Monday, August 17, 2015

Man from U.N.C.L.E. Review

*Originally Published in the Monroe News*

The fourth in a chain of spy movies this year, Guy Ritchie’s “The Man from U.N.C.L.E.,” a film adaptation of the 1960’s TV show, privileges the cool and glamour of the spy profession over the bang and sizzle of more action oriented takes on the genre. If you’re looking for high octane stunts, go see “Rogue Nation.” If you want beautiful people to make you laugh - see this one.

Pairing the American art thief Napoleon Solo (Henry Cavill), blackmailed into service by the CIA, and the Russian KGB agent Illya Kuryakin (Armie Hammer), “The Man from Uncle” follows the ideologically opposed spies as they seek out a rogue organization manufacturing nuclear weapons. To do so, they must work with Gaby Teller (Alicia Vikander), the mechanic daughter of the ex-Nazi scientist allegedly coerced into building the bomb. But the plot takes a passenger seat in this extravaganza of spy cool.

From the opening sequence, which pits Solo against Kuryakin against one another in a race to Ms. Teller, Mr. Ritchie takes time between action for Solo to simply be cool, shooting off one-liners and demands with swagger. Kuryakin, on the other hand, while he has his moments of cool, comes off as a hot tempered but by-the-book brute. And that’s okay, because unlike in his “Sherlock Holmes” films, the two very different agents ultimately can’t succeed without one another. They differ vastly, but compliment one another well.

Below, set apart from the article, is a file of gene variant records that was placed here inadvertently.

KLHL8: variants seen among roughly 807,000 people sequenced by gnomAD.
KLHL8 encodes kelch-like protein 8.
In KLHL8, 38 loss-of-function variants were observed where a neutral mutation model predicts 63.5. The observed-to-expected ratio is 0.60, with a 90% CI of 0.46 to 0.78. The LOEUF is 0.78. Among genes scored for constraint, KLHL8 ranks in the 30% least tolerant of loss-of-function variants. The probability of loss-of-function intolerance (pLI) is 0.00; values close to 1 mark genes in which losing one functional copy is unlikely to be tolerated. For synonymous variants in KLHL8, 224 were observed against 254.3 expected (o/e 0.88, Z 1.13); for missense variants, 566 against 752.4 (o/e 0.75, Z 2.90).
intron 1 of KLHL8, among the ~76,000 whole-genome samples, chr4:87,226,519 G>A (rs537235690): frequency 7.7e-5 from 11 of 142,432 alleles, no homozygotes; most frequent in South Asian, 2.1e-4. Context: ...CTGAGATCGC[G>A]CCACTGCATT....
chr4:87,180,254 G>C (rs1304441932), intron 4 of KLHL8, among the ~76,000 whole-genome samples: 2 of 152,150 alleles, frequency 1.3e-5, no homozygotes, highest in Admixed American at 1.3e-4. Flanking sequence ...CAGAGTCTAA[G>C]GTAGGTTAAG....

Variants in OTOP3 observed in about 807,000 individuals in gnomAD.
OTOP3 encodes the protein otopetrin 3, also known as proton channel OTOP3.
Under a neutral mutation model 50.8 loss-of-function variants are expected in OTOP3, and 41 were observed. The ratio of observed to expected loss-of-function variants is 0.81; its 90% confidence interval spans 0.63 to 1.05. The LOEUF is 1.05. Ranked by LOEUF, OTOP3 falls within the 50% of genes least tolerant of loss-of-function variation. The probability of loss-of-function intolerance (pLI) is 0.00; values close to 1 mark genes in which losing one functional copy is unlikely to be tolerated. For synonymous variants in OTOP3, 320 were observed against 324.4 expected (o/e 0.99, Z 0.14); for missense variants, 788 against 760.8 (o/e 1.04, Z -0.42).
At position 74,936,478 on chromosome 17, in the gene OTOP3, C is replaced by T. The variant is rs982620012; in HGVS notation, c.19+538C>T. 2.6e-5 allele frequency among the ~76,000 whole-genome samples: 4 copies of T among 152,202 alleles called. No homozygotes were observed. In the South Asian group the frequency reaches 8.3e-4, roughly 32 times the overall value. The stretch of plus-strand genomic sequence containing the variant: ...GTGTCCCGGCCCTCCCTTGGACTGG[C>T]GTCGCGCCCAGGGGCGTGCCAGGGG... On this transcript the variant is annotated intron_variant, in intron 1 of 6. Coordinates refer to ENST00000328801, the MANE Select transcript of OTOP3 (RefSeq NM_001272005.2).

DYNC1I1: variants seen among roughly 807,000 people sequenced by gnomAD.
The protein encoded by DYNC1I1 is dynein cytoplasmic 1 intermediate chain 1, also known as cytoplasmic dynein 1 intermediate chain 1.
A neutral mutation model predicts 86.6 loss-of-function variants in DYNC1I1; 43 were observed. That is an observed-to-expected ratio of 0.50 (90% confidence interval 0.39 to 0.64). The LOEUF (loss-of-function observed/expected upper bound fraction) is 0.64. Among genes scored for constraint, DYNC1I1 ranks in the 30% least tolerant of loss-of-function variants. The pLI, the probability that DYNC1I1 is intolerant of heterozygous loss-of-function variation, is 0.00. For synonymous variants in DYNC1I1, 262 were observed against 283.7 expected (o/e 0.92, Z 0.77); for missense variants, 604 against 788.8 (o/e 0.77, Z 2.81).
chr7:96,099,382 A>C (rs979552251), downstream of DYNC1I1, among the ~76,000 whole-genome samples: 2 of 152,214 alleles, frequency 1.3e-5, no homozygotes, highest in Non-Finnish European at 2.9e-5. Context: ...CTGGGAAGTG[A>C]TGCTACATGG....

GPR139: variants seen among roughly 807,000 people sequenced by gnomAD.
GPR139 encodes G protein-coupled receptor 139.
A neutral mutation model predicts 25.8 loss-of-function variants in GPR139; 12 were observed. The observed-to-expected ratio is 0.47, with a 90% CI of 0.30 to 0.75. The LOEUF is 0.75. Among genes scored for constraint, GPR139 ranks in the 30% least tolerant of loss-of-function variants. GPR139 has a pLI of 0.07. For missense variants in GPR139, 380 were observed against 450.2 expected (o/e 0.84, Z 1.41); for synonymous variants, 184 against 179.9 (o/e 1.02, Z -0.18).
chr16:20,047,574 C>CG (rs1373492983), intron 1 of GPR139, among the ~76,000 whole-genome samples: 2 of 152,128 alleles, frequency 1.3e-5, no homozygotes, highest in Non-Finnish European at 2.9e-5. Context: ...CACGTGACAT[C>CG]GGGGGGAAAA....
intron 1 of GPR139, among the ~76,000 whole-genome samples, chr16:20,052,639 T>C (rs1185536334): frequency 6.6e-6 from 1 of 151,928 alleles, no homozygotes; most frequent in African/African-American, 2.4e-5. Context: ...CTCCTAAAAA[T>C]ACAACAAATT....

While several plot twists await throughout the nearly two-hour yarn, they’re never too compelling, serving rather as vehicles for what Mr. Ritchie really wants to focus on with this film: pretty people acting and interacting. Even the primary villain is more saunter and smolder than believable threat. The movie takes place in the 1960s, but you’d never know it if it weren't for the occasional rotary phone. Everything feels so hyper stylized, from the costumes to set pieces. The period-appropriate spy score by Daniel Pemberton adds to Mr. Ritchie’s thesis of a sensory-oriented experience.

Except for an intentionally hectic multi-screen scene in the third act, the action burns slowly, again serving in a secondary role of highlighting character cool or allowing them an opportunity to exchange witty banter. Some scenes delve into the absurd in this pursuit, but they never seem out of place - a testament to the film’s consistency and self-awareness.

Like I said in my review of “Rogue Nation,” I ran to my car and tried to slide over the hood after watching Mr. Cruise's latest spy caper. After leaving “Man from U.N.C.L.E.,” I was more inclined to buy a new suit. Sacrificing narrative depth and action, this film provides ample doses of cinema glam by using and often subverting spy genre tropes.

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